January 10, 2009
El Universal (Mexico City) 1/9/09
Agents of Mexico’s Federal Agency of Investigations (AFI) arrested Miguel Angel Soto Parra, considered to be one of the founders of Los Zetas, the militant group of hit men that began as the enforcement muscle for the Gulf drug cartel when it was under the leadership of Osiel Cardenas Guillen. Soto Parra is an ex-federal judicial police agent and was one of Mexico’s most wanted.
(file photos of drug cartel members)
President-elect Barak Obama is scheduled to meet with Mexican President Felipe Calderon next Monday. The meeting, initiated by Calderon, will take place in the Mexican Cultural Institute in Washington DC rather than in Mexico because of security considerations. This will be their first face-to-face meeting and they will have before them the opportunity to imprint a new tone and drive on the relationship between the two countries in the fight against narcotraffic as well as strengthening the means to face the worst economic crisis since the Great Depression. The president-elect has shown through his appointed team his interest in themes of security, economy, migration and bilateral cooperation. Regarding the migratory theme, Foreign Secretary Patricia Espinosa Castellano said that Calderon will present a “more objective vision” and will seek, in particular, “to promote better conditions for Mexicans in the US based on respect for all their rights and the clear recognition of the economic, social and cultural contributions they make.”
The US anti-drug agency, DEA, published a new poster with photos of the new bosses within the Arellano Felix drug cartel [also called the Tijuana cartel], now headed by Fernando “El Ingeniero” Arellano, nephew of the founders of the group. Unlike the publication that included the brothers Eduardo and Javier Arellano Felix (now imprisoned), the new one does not offer rewards, but promises to respect the anonymity of anyone providing information. [The story included toll-free telephone numbers for US and Mexico]
A chief of the Colombian “mafia,” Leonidas Vargas, was assassinated in his hospital room in Madrid, Spain, by “at least” four gunshots. He had been hospitalized since January 2 for heart problems and was not under police protection. The unknown assailants escaped.
Frontera (Tijuana, Baja California) 1/9/09
The New Year count continues. Three more decapitated bodies were discovered in the early hours this morning on a boulevard overpass in Tijuana. The heads were in a plastic bag nearby.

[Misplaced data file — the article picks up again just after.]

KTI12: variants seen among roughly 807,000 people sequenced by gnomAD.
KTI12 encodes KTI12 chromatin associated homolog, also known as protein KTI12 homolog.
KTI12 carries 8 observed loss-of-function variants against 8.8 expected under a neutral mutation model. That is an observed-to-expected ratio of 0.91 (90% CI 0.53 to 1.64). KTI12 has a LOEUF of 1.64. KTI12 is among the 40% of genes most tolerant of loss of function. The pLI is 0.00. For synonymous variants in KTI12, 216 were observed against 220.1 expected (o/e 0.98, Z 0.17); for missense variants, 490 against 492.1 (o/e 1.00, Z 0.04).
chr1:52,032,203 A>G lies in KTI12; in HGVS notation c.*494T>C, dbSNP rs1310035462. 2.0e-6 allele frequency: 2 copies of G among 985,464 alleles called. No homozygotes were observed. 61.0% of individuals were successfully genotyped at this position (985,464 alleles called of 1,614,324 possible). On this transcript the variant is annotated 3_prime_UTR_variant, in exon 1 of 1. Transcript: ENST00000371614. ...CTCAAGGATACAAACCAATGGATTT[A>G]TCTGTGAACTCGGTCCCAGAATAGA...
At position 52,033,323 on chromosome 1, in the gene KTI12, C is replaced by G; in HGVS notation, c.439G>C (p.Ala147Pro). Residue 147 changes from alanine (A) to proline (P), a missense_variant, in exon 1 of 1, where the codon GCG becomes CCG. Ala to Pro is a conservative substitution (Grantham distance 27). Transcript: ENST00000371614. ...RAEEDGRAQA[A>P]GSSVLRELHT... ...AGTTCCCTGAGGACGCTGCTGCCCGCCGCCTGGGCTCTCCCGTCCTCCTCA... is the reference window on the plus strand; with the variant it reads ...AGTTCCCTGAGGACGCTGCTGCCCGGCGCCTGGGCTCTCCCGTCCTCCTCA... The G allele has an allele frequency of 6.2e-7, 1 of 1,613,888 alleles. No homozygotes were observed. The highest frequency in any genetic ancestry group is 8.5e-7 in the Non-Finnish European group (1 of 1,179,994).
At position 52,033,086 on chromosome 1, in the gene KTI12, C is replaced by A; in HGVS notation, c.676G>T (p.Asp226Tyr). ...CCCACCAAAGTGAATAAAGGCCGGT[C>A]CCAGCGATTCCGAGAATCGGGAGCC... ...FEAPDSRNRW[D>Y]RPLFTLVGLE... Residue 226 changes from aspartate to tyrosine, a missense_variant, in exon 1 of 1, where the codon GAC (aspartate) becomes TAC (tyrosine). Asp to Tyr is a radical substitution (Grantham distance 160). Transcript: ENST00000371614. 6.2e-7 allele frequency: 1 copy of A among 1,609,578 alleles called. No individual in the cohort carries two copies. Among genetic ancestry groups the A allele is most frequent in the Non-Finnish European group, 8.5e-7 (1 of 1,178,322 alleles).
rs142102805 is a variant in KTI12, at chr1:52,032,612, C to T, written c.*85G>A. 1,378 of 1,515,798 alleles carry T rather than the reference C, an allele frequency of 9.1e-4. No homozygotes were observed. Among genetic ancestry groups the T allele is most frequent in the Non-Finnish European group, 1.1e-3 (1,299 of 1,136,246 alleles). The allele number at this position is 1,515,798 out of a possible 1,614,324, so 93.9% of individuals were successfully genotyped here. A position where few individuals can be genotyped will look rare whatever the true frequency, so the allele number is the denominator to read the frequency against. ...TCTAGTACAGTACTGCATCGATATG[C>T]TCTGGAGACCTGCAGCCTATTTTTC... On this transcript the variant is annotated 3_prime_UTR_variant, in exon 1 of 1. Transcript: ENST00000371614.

El Diario en Linea (Chihuahua) 1/9/09
Another grim murder was revealed by authorities in Ciudad Juarez, Chihuahua. The murder actually happened last Wednesday evening, but was not reported until the body was identified. The murder was notable because of the mutilation of the body. It was decapitated and the hands had been cut off and placed in the genital area. The head was found nearby. A narco-message had been left, but its contents were not revealed due to an ongoing investigation.
El Informador (Guadalajara, Jalisco) 1/9/09
Four people were “executed” in Tequila, Jalisco. Police say the four, three men and a woman were deliberately targeted as they shopped among other customers in a store. All four had direct gunshots to the head delivered by an armed group wearing hoods. No further pertinent details were given.
Cuarto Poder (Chiapas) 1/9/09
Agents of the Chiapas state bureau of investigations arrested the director of public security for the municipality of Suchiate [southernmost tip of Chiapas bordering Guatemala]. The director was charged with protecting members of organized crime in the border area. He is suspected of providing protection to six members of “Los Zetas” who are suspects in the execution of eight people last December 23.
El Debate (Sinaloa) 1/9/09
Another decapitated body was found near El Ranchito, a town in northern Sinaloa state. The murder was the typical execution style of the narcotrafficker.
NATIONAL ASSOCIATION OF FORMER BORDER PATROL OFFICERS
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Foreign News Report
The National Association of Former Border Patrol Officers (NAFBPO) extracts and condenses the material that follows from Mexican and Central and South American on-line media sources on a daily basis.